RSU prez opens old wounds on Facebook

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By Josh Visser

News Editor

There are many reasons to love and loath the social-networking website Facebook.com. Regardless, its popularity cannot be understated. Studies have suggested that as many as 85% of American college students have a Facebook profile, and Canadians students can’t be far behind.

Facebook profiles say a lot about a person, so much so that businesses are now looking to Facebook profiles to gather information on potential employees. Using Facebook, one can gather how ‘popular’ a person is, who their friends are, their religious and political views, and view photos and comments. But is this private or public information?

Muhammad Ali Jabbar is the Ryerson Students’ Union president and as such, is our main representative at Ryerson. And he seems to be a fine one at that, rarely have I found student politicians to be as friendly and honest as Jabbar. However, his Facebook profile was brought to the attention of The Eyeopener newsroom by someone who clearly thought that Jabbar’s profile merited public scrutiny.

In a photo album which was added by Jabbar on Nov. 9, there are numerous overtly-political photos and cartoons regarding the conflict between Palestine and Israel which he has taken from the “Free Palestine!” campaign issues website. Some pictures such as a cartoon featuring an Israeli and Palestinian ambulance drivers arguing in the Gaza Strip over the number of dead they have to move are darkly funny and poignant. Other photos show the sad reality of war. But many other photos feature Palestinian children obviously being used for anti-Israeli photo-ops. The most disturbing photo features a Palestinian child buried alive with the tagline next to it, “3.2 Billion US tax dollars per year to Israel.”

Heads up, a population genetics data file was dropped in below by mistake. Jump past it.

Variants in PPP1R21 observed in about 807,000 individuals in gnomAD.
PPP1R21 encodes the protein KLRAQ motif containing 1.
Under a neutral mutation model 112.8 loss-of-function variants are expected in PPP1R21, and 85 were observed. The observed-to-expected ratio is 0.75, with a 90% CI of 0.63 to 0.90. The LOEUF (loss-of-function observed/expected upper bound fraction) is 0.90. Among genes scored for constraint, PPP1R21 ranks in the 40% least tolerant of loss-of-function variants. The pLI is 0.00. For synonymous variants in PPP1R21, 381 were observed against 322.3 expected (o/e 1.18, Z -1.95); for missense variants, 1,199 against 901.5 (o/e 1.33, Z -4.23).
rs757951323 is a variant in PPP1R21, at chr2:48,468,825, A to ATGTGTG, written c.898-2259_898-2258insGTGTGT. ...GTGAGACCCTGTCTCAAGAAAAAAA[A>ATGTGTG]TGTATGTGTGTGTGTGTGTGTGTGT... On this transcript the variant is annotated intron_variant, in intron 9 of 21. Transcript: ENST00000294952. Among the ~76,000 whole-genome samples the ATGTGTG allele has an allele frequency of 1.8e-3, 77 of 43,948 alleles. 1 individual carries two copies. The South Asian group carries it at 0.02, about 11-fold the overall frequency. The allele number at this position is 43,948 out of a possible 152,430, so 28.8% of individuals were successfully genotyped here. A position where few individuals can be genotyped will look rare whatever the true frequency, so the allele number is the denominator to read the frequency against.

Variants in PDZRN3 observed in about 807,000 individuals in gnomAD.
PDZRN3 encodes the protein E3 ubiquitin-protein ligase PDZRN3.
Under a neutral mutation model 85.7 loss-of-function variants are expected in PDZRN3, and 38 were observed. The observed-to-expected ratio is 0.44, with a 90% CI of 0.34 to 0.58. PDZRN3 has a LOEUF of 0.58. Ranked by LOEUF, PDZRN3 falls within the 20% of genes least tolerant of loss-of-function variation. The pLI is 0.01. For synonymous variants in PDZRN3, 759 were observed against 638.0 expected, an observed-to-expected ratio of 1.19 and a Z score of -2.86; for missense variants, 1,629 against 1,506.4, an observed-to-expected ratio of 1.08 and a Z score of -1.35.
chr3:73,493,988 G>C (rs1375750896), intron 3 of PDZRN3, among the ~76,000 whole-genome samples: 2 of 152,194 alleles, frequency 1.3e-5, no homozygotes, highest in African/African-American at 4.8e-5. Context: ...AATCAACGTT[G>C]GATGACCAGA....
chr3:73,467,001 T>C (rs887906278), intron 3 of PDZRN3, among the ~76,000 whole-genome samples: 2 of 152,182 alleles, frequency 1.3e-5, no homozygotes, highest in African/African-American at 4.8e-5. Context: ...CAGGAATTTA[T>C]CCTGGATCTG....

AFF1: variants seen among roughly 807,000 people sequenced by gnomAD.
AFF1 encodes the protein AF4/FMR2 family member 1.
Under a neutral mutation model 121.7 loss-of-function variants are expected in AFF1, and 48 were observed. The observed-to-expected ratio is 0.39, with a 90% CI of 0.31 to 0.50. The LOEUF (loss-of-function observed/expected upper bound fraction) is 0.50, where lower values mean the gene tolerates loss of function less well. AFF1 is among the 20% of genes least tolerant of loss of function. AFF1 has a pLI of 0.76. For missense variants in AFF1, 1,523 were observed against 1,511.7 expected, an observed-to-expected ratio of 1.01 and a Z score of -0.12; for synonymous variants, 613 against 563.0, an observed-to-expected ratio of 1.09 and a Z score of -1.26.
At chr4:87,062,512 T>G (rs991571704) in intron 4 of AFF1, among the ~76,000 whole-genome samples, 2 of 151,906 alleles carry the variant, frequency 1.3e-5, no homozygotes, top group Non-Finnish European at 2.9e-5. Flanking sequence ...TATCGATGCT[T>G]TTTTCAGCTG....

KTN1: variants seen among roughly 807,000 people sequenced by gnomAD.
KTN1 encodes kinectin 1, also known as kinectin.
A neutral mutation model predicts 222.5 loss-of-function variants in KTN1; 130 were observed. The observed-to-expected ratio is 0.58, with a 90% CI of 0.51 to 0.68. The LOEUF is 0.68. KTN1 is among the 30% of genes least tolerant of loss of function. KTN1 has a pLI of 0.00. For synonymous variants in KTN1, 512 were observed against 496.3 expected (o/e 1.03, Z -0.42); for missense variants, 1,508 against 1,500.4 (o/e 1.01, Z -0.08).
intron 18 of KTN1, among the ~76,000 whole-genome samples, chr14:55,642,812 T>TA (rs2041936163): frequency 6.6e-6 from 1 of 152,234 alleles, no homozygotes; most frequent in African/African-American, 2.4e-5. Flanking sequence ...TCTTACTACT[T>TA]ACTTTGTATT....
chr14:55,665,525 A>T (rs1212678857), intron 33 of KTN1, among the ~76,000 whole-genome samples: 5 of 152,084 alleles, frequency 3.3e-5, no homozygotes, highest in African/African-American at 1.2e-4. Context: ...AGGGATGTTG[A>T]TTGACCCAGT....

This is not meant to be a debate of the Middle East conflict. Everyone is entitled to their own view and has the right to make valid comments on the very old and ugly conflict. But the question is, as RSU president, should Jabbar be making his private contenious views so publically available?

The Muslim person who brought this to my attention made a valid point, that many Ryerson students, particularly those of Jewish or Israeli origin might find these photos offensive.

And as one Jewish friend pointed out, it seems to be a politically foolish move to take a stand on such a controversial issue and open up old wounds on campus.

“I can’t trust the guy to carry my voice in student politics anymore,” I was told by my friend.

I find it worrisome that our president could be so careless with his online profile as to allow the potential for an ugly debate to arise on Ryerson’s campus.

As Rye Prof. Ilkka Kokkarinen found out earlier this year, your online profile can come back to haunt your offline life. It can be easy to think that your personal, private online musings don’t affect anyone. But they do.

The internet is not a private playground but a public forum on who you are and what you represent.

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